I love combining the words “discounted” and “airfares” in the same sentence. I’ve taken many unplanned trips because I found a killer airfare, whether Rome for $500 or Singapore for $450. With fares that low, you’re already getting a great value, and an upgrade is icing on the cake. But great airfare deals aren’t restricted to the economy cabin. Sometimes airlines will offer business class fares that are too good to pass up.
Lately one airline has been offering business class fares at less than half of what competitors are charging. That airline is Doha-based Qatar Airways.
Qatar Airways (airline code “QR”) is part of the emerging faction of high-quality airlines based in the Middle East. Along with Emirates, Etihad and several others, Qatar Airways has been growing rapidly, and offers a great product at a reasonable price. For instance, I recently booked clients on QR from Rome to Johannesburg for $2,600 each, roundtrip. Competitors British Airways, Lufthansa and South African Airways were pricing in the $6,000-7,000 range.
The airline flies their Doha-Johannesburg route with a Boeing 777-300ER. According to Seat Guru, both of their versions of this plane have lie flat seating in business, in a 2-2-2 configuration. Not bad considering that Lufthansa still flies angle-flat seats on many routes, and charges higher price. Here’s a picture of what the Qatar Airways business class cabin looks like, courtesy of airliners.net.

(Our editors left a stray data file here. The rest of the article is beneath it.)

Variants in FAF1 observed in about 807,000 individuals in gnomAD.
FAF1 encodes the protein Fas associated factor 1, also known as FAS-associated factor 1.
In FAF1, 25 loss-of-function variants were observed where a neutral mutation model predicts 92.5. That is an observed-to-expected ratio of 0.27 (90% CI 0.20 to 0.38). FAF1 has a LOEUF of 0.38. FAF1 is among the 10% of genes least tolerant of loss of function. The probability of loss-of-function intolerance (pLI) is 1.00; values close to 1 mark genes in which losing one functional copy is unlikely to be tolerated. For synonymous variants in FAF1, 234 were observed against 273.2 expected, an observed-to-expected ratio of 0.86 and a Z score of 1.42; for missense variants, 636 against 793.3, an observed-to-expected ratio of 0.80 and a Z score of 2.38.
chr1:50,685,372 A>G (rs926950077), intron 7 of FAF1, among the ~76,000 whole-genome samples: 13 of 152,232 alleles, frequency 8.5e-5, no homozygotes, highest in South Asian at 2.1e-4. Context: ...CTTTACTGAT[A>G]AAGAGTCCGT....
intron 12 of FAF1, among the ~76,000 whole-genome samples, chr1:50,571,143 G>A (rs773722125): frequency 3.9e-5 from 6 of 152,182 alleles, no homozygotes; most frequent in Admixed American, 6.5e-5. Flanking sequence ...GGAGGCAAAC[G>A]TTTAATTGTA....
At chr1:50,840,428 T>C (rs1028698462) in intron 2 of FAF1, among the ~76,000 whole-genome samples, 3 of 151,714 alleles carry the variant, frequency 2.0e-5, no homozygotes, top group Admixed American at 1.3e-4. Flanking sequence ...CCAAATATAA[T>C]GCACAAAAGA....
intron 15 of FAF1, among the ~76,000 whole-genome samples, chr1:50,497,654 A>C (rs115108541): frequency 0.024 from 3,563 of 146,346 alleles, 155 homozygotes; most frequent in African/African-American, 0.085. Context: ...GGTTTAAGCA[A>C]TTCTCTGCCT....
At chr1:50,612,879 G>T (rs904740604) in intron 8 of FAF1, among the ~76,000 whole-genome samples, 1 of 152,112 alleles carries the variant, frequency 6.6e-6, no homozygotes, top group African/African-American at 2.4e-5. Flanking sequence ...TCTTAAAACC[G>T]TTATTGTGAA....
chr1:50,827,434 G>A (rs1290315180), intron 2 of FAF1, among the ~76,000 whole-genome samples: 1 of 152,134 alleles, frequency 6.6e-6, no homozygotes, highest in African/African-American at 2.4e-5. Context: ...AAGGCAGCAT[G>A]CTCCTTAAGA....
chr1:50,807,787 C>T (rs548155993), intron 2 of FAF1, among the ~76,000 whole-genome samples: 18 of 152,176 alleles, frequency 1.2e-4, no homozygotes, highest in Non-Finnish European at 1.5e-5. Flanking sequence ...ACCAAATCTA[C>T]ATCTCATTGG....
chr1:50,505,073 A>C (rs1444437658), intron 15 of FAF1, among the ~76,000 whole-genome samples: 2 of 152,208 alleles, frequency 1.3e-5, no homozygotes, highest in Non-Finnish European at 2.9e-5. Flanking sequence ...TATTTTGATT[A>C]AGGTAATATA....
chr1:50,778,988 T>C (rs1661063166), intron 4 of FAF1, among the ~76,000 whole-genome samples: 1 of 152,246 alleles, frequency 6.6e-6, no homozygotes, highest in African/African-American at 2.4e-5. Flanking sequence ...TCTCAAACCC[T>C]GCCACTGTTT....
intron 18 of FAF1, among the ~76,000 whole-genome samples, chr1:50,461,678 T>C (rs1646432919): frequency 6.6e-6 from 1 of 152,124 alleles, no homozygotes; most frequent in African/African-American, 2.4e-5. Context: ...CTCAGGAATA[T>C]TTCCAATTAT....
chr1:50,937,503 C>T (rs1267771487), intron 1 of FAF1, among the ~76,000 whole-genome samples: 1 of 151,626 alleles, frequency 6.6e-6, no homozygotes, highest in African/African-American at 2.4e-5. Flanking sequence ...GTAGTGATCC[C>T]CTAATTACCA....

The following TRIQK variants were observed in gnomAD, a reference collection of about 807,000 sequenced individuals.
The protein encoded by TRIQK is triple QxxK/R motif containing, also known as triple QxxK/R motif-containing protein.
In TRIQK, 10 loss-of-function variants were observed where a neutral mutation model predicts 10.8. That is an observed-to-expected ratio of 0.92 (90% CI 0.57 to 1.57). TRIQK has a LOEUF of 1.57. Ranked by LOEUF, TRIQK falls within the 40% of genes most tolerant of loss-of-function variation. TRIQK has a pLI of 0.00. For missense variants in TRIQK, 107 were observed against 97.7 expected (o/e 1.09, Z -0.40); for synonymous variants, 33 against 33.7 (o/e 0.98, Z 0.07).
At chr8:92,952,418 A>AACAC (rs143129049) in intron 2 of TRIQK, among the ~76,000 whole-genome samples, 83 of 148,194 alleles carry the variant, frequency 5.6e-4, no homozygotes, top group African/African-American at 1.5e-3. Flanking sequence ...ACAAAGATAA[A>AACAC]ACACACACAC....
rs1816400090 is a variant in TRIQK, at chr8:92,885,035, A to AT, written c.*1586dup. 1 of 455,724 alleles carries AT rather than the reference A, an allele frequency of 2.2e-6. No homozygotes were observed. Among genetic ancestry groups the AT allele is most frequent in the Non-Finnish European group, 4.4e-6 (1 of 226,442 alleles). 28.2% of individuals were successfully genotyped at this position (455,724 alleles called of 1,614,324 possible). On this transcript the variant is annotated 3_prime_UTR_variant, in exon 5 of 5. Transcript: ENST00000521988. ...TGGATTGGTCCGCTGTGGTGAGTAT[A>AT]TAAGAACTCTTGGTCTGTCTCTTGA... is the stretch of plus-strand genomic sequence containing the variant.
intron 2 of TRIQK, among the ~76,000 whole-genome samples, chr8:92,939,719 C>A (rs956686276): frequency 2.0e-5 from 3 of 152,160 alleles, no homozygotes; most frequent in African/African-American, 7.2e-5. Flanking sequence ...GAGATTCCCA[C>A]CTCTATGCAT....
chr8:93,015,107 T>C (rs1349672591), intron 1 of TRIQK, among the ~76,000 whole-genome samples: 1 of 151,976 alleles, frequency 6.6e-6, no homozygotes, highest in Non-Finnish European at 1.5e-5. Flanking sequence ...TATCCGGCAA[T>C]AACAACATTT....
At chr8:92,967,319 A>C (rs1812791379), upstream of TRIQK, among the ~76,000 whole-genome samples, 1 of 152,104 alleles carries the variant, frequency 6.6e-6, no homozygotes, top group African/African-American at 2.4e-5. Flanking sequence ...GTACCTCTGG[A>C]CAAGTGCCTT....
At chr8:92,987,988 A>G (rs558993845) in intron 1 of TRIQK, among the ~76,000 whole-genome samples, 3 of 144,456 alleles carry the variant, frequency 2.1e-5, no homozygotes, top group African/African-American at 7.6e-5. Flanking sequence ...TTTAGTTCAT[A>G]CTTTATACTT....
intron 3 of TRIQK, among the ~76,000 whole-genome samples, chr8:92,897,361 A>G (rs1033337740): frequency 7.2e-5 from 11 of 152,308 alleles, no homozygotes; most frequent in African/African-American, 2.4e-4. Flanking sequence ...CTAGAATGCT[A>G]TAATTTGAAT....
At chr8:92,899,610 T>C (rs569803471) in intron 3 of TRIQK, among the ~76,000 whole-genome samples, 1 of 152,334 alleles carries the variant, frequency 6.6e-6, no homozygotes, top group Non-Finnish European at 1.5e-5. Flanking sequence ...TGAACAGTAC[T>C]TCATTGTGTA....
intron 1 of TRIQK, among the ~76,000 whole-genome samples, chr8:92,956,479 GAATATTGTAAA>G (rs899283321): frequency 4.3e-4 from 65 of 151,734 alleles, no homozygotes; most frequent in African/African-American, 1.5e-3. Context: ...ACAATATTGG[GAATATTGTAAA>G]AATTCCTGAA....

“But Ryan,” – you say – “what about frequent flyer miles? Don’t you always advocate sticking to your main airline or alliance?”
I do advocate this strategy for most situations. Qatar Airways’ Privilege Club isn’t the most robust or global loyalty program. However, instead of accruing miles in their program, look to their partners. You can post your flight miles to airlines such as British Airways, US Airways, Virgin Atlantic and others. With the options of British and US, that gives you the power to earn miles in two of the three global airline alliances. So while flying Qatar or Emirates may not give you miles in your primary program, the deeply discounted fares, quality service and ability to earn valuable miles somewhere can make the deal more than worth it. Miles are valuable, but not worth paying thousands of dollars more in airfare.
The Middle East carriers have been fairly independent in terms of their frequent flyer affiliations, not having joined any of the large alliances yet. That may eventually change, but for now they have enough partners to ensure that the miles you earn from flying them don’t get stuck in a program that you rarely use.
Note: Qatar Airways did not request, sponsor or compensate me in any way for this post.